It seems, from a conversation with one of my teacher friends, that some school managers are as innumerate as the general population. It's not that they can't do arithmetic, but that they don't know what numbers mean.
The current Scottish Office Education and Industry Department guidance to schools, Raising Standards - Setting Targets, explains how candidates of a particular Higher grade subject may be categorised according to their "prior performance" as measured by their GPA.
This little piece of jargon is the grade point average - the average grade obtained by a student in all his or her Standard grade subjects.
Students with the same GPA are said to be "similar". Then the average Higher grade in any particular subject that these students subsequently achieve is taken as the "realistic minimum target" for the following year's "similar" candidates.
The difference between this target and what the candidates actually achieve is called their "relative" progress, and is used to determine the value added indicator for their subject departments.
In my friend's school, the "target" was interpreted as the result that a candidate with this particular GPA was expected to obtain. Then the subject department was criticised because he failed to achieve it.
The candidate in question attained a GPA of 2.5 the previous year. Because "similar" students nationally had obtained an average range score (or band) of 9.0 in the Higher grade examination for the subject, it was argued that this candidate "should have obtained" this result too.
This is a complete misinterpretation of the word "average". If band 9 is the average result, up to half of the candidates must do worse. An analogy may make this more obvious. When two dice are thrown, the sum could be any value from 2 to 12. The average sum of a large number of such throws is 7.
This is also the most likely result from a single such throw - it has a 1 in 6 chance of occurring.
However, we would not be surprised if the sum of the two dice was different from 7. A total of 8, for instance, has a 5 in 36 chance of occurring. So does a total of 6. Even a double-six, with its mere 1 in 36 chance (3 per cent) turns up occasionally. Likewise, if we were asked to predict the Higher grade result an unknown candidate with a GPA of 2.5, our best guess would be band 9 (grade C). But we would also know that his or her actual band could be anywhere between 1 and 14.
Analysis shows that the difference in "relative progress" between what candidates are expected to get, on the basis of their GPA, and what they actually receive varies between about -8 and +8.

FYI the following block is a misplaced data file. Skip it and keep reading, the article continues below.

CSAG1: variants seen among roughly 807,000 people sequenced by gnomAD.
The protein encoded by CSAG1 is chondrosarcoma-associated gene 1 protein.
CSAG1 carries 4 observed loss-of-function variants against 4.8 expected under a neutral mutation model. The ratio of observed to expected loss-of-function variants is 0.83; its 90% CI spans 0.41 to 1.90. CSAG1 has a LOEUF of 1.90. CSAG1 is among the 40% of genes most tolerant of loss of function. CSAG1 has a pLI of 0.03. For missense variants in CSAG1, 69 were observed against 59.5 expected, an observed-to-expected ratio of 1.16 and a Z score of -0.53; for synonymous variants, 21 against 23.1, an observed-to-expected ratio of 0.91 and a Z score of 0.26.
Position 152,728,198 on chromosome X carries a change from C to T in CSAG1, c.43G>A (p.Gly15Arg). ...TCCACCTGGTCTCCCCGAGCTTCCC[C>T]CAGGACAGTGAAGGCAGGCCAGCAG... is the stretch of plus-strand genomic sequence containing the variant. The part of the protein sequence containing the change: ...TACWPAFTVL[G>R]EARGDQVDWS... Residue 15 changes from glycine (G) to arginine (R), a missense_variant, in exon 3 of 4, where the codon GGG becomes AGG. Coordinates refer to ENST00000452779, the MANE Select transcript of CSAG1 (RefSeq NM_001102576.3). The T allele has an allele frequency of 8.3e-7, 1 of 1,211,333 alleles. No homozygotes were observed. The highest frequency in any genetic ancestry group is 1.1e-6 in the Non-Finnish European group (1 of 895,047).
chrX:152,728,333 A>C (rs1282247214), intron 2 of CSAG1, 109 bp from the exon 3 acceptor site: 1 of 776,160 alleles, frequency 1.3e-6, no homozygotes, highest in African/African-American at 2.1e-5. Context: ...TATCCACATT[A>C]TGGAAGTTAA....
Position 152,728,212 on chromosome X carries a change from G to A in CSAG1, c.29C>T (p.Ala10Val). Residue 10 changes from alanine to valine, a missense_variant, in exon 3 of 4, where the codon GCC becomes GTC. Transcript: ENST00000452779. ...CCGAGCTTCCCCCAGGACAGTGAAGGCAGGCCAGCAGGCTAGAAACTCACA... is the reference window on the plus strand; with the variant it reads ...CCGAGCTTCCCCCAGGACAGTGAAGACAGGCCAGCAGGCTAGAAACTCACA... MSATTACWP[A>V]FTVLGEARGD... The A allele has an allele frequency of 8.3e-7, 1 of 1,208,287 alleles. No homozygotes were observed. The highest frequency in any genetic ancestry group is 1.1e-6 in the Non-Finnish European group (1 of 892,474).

Its standard deviation is nearly 2.0. In statistics, this means that there is a 1 in 6 chance our unknown candidate will get at least band 7 (grade B).
Even a band 5 (grade A) is not impossible. It's about as likely as throwing a double-six with the dice. In the same way, there is almost a 50:50 chance the pupil will fail (band 10 or more).
About a sixth of all candidates will be two or more bands below their "target". This means that nearly all subject departments in most schools will contain some "under-achievers".
Why is it assumed that such "under-achievement" is the fault of the subject department? This is like criticising a dice thrower for getting only a double two. The result is well below average but this is hardly within the thrower's control.
Statistical analysis shows that only a tiny proportion of the "relative progress" made by candidates can be attributed to the schools they attend.
It is small because only relative progress is being measured. Schools have a huge effect on students' achievements. But if all schools have similar effects, the differences between them will be tiny.
There are many reasons, other than teacher ineffectiveness, why S5 students fail to reach their potential. It is a time of immense personal growth, social distraction and emotional turmoil.
Hence it is unjustified to blame a subject department if particular candidates fail to reach their "targets". Given the way that they are calculated, half of all candidates will fail to reach them anyway.
So perhaps the measurement is at fault, not the teachers.
Clearly, it is practical to use "prior performance" when selecting applicants for subsequent courses - for example, in further and higher education.
It also helps in advising students which subjects to attempt at the Higher grade. But the SOEID guidelines specifically warn teachers against using GPA as the sole determinant is this process.
Their message is that "the grade point average can be used to set realistic targets, to monitor and to support the pupil through the year". This is very different from using them for "shaming and blaming" subject departments.
We cannot all live in Lake Wobegon, where all the women are strong, all the men are good looking and all the children are above average.
Bob Sparkes is a lecturer in education at Stirling University.